After a fair amount of time monitoring LN-CC‘s seriously obscure music collection in the digital realm, we knew we needed to meet the people behind such a curious inventory. So we traveled to East London’s Dalston neighborhood, rang the buzzer of an unassuming door and went down a long set of stairs in order to enter the slightly labyrinthian structure that is the Gary Card-designed LN-CC concept shop. Dan Mitchell was there to greet us, and the hour we spent chatting in the store’s music section was an eye-opening experience. Mitchell’s knowledge runs deep, with a passion only mellowed by his insouciant personality.
The LN-CC co-founder has now left London for the Indonesian island of Bali (which Mitchell tells us “has a very rich musical history”) and has set up a new record label called Island of The Gods. The imprint’s first release is a double A-side single from Zsou (formerly Mountain of One), which was recorded in the jungles of North Java and comes in a limited edition box beautifully handcrafted by local Indonesian artisans.
We checked in with Mitchell to glean more insight on the new label, Balinese music and his long friendship with Zsou duo Mo Morris and Merrick Adams. Have a peek at “Admiral Byrd / Admiral Dub” in this trippy teaser video created by London-based Illustrator and video artist Stevie Anderson, and pick up the record online.
You’ve named the record label after Bali’s nickname, which is where you’re also based. How are the sounds you’re producing a reflection of the region?
Bali’s is a spiritual and magical place. Music is deeply embedded into everyday culture here. The old world sounds of Gamelan, Gong, Chants and Bamboo instruments which were all born here, have always fascinated me every since if first visited Bali eight years ago.
I would hear this music whenever I visited Indonesia and it has a voodoo trance like qualities and such a magical sound. It gave me lots of ideas of what we could do with it, fusing it with our modern musical output. Many of the players here are 80+ years old. So the idea of working with these highly talented, yet unknown, unrecognized musicians and putting them on a record that will be available worldwide feels like a great thing to do.
How would you describe traditional Indonesian music?
The music of Bali can be very trance-like, hypnotic, voodoo and exotic. The sound of gamelan can move around from subtly and softness to chaotically and everything in between. It’s a magical sound that embodies the spirit of exotic island life here in Bali or anywhere in Indonesia. There are also many variations of bamboo instruments, which are beautiful. Fusing these organic sounds, and players with our more electronic output is proving to be very interesting.
When and how did you come across Mo and Merrick in the jungles of Java?
I heard that Mo and Merrick were working on some ZSOU material and I was visiting Indonesia at that time. I’ve always been a fan of A Mountain Of One and Merrick is one of the best musicians I have ever met, so I knew they would be doing something very interesting.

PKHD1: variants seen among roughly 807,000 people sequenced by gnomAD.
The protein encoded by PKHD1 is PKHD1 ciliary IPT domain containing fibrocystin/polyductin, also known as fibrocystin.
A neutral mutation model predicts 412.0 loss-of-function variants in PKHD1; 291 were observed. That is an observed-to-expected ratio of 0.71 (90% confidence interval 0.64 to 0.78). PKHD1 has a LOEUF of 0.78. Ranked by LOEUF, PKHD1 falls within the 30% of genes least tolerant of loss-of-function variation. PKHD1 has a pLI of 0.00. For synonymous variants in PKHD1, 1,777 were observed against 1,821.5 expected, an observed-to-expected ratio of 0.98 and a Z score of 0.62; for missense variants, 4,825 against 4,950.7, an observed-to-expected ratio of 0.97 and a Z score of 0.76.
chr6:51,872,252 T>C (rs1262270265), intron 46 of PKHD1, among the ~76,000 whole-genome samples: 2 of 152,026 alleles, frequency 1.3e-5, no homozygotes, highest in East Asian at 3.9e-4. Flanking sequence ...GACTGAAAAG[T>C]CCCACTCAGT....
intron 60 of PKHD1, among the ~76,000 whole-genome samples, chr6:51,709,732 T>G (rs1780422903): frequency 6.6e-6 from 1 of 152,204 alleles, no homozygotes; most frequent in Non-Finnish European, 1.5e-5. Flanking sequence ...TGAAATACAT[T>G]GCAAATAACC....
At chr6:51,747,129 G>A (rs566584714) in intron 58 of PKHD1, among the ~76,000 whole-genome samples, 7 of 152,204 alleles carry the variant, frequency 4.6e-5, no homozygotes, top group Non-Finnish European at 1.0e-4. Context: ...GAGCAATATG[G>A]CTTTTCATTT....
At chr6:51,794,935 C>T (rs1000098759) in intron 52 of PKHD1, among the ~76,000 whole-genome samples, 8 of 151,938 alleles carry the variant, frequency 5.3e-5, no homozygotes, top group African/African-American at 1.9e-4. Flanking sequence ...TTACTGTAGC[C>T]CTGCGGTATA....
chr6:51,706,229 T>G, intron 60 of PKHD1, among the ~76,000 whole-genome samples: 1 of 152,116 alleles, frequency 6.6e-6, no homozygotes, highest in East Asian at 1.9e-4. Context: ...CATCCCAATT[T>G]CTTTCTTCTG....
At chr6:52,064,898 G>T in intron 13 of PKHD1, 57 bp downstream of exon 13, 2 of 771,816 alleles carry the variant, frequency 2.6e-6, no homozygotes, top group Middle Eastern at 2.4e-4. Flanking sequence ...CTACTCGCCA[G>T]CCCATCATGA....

They travelled to the jungles of Java to record vocals of Javanese spiritual sinden singer, Sinda Laras. Of course I’m not going to say no to a trek into tropical paradise! And the partnership of ZSOU and Island of the Gods began.
LN-CC hosted a few mezcal-fueled, mystical jam sessions last year. What draws you to such a hedonistic/voodoo type of vibe when it comes to music?
I guess I’m just interested in listening and making music that transports me to a certain place and that kind of sound really gets me there. I’m also a fascinated by the gong instrument for its deep healing properties. Playing and listening to gongs is about spiritual, physical and emotional resolution, this opens doors to the universe, moving around energies to enter a spiritual dimension. Really powerful stuff. [Read more about Spirit Bear Mezcal Ensemble.]
It seems like you treat releases as entire artistic projects. Was creating Island of the Gods a way of ensuring all aspects of a record are considered, from cover art to production?
I always put a lot of love into any project that I do, and it’s always an honest expression that means something to me.
Starting Island of the Gods was a very natural thing for me to do. I am now living in Bali, which has a very rich musical history. Fantastic old world musicians, and exotic sounds surround me here on the island. Also through working in music over the past 12 years, I have surrounded myself in some fantastic producers from all over the world. So putting these two elements together just seems like a great thing to do.
I always put a lot of love into any project that I do, and it’s always an honest expression that means something to me. So naturally I approach every aspect of it with as much detail and love as possible.
Is running a record label anything like running a concept shop?
I approach all my projects in the same way. But with the record label is much smaller than LN-CC. LN-CC was a huge project. I was doing the art direction, men’s buying, product design, musical direction and many other things. I am still doing the same things on the label, but on a much smaller scale. Although I have plans to morph the IOTG imprint into a venue/space, which you could describe as a very refined version of LN-CC, based more around island life. I will reveal more on that later in the year.
You’re also planning to release a set of Balinese field recordings; what’s the wildest sound you captured?
Yes I am. We have just gathered some fantastic jungle and bamboo sounds recorded over here, which will be getting used on the next IOTG release from Black Merlin, who is based in London. Black Merlin has had releases on LN-CC recordings, as well as Andrew Weatheralls ‘Bird scarer’ amongst others. Driving Hypnotic dance floor music of the highest order.
Images courtesy of Island of The Gods